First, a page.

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The Essentials: The Brad Bird Era begins May 2


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36 minutes ago, slaytonf said:

or in the road

And where there's a dead skunk right in the middle of it.

(...oh wait...that wasn't the Beatles, was it)  ;)

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3 hours ago, Dargo said:

And where there's a dead skunk right in the middle of it.

Yep, I know what song you're talking about. He didn't see the highway car, the skunk got squished, and there you are.

Of course, the Beatles did make some scandalous suggestions about "doing it" in the road.

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Mary Astor won the 1941 Academy Award for Best Supporting Actress, but it wasn't for her performance as the femme fatale Brigid O'Shaughnessy. She was honored for her work in "The Great Lie" as Sandra Kovak, a vain concert pianist who had a romantic rivalry with a character played by Bette Davis.

Astor's reaction to the award? ''I would have preferred getting my Oscar for 'The Maltese Falcon,' " she wrote later. 

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The late Roger Ebert of the Chicago Sun Times added "The Maltese Falcon" to his list of "Great Movies" and declared that the drama "stands as a great divide" 
 
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He continued: "Consider what was true after its release in 1941 and was not true before:
 
(1) The movie defined Humphrey Bogart's performances for the rest of his life; his hard-boiled Sam Spade rescued him from a decade of middling roles in B gangster movies and positioned him for 'Casablanca,' 'Treasure of the Sierra Madre,' 'The African Queen' and his other classics.

(2) It was the first film directed by John Huston, who for more than 40 years would be a prolific maker of movies that were muscular, stylish and daring.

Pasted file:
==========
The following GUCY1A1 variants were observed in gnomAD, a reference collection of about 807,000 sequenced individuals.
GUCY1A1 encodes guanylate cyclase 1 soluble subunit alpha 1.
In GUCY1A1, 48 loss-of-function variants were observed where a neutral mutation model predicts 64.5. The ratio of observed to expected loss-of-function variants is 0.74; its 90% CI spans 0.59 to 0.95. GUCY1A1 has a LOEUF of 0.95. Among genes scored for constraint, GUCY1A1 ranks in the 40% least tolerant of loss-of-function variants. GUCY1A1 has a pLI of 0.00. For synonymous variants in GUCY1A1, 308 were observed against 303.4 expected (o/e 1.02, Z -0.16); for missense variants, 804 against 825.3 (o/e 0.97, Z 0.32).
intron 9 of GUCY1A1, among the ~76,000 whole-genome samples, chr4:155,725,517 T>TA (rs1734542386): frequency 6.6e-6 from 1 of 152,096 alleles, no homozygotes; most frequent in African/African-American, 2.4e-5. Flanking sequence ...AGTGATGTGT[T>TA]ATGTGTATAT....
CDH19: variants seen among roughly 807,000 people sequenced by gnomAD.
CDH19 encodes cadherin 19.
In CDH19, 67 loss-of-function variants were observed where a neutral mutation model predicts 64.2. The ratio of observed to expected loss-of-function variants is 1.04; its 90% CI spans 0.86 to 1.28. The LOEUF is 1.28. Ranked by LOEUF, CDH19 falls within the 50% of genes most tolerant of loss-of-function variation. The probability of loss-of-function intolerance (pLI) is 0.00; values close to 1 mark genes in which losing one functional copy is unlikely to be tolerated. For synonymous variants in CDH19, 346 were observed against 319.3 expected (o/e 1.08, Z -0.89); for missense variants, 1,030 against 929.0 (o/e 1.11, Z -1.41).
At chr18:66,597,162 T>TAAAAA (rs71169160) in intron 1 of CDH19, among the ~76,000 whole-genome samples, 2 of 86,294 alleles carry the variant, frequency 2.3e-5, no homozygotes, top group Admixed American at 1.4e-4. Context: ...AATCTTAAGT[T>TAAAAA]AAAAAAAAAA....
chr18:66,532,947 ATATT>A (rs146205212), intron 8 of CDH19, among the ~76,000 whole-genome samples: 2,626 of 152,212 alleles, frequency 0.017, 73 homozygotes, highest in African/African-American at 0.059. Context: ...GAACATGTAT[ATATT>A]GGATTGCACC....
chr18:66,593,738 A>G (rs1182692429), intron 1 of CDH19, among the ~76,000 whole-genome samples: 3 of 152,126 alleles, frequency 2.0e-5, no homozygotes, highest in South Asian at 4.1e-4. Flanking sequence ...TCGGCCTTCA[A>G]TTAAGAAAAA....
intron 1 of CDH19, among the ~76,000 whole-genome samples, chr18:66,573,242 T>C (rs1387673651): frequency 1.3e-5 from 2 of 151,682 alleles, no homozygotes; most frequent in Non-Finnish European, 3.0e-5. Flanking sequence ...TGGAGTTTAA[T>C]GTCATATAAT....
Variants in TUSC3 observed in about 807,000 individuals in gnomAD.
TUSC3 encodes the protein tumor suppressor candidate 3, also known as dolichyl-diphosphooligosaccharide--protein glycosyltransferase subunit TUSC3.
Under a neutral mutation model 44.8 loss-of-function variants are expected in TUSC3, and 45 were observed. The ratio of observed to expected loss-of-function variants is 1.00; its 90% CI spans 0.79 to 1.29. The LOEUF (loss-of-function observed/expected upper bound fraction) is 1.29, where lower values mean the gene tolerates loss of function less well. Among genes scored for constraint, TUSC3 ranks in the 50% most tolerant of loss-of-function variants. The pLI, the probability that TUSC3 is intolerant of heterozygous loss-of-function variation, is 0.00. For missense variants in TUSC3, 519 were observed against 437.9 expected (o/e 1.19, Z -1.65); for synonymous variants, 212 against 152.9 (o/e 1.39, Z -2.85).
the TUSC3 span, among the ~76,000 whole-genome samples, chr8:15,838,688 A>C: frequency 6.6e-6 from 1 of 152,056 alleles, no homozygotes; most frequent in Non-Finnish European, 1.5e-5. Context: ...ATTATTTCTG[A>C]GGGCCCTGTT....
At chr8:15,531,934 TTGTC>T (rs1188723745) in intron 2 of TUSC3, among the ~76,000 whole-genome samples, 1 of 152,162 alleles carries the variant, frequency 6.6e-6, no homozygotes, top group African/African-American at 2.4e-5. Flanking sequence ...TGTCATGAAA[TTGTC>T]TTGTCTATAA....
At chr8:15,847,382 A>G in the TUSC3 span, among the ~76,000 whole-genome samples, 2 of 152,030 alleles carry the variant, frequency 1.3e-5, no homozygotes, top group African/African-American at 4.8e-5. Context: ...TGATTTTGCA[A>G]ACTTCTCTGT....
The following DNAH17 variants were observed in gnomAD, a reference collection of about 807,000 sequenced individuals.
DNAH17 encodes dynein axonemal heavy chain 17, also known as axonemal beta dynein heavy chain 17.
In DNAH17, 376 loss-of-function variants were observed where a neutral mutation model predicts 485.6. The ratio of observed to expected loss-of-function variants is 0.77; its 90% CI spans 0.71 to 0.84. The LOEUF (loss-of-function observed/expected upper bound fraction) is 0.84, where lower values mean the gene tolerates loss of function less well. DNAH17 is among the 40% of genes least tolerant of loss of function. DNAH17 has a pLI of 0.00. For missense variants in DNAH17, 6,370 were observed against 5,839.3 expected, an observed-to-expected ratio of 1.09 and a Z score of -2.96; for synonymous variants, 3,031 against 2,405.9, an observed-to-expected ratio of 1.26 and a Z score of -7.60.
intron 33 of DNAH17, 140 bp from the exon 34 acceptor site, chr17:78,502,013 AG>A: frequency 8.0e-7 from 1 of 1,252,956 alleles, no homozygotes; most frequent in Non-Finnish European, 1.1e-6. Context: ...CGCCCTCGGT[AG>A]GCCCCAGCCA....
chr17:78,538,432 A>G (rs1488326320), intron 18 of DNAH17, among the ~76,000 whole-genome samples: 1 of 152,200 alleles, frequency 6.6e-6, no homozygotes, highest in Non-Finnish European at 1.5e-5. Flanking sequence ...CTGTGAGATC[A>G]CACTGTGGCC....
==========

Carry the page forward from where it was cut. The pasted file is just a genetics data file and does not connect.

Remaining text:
(3) It contained the first screen appearance of Sydney Greenstreet, who went on, in 'Casablanca' and many other films, to become one of the most striking character actors in movie history.

(4) It was the first pairing of Greenstreet and Peter Lorre, and so well did they work together that they made nine other movies, including 'Casablanca' in 1942 and 'The Mask of Dimitrios' (1944), in which they were not supporting actors but actually the stars.

(5) And some film histories consider 'The Maltese Falcon' the first film noir. It put down the foundations for that native American genre of mean streets, knife-edged heroes, dark shadows and tough dames."

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1 hour ago, jakeem said:

(5) And some film histories consider 'The Maltese Falcon' the first film noir. It put down the foundations for that native American genre of mean streets, knife-edged heroes, dark shadows and tough dames."

And also a cynical view of the world.  Spade, even though he finds Archer's murderer, does so not from loyalty or affection, but from practical considerations, which he so eloquently outlines to Brigid before he has her take the fall.  And he had an affair with Archer's wife.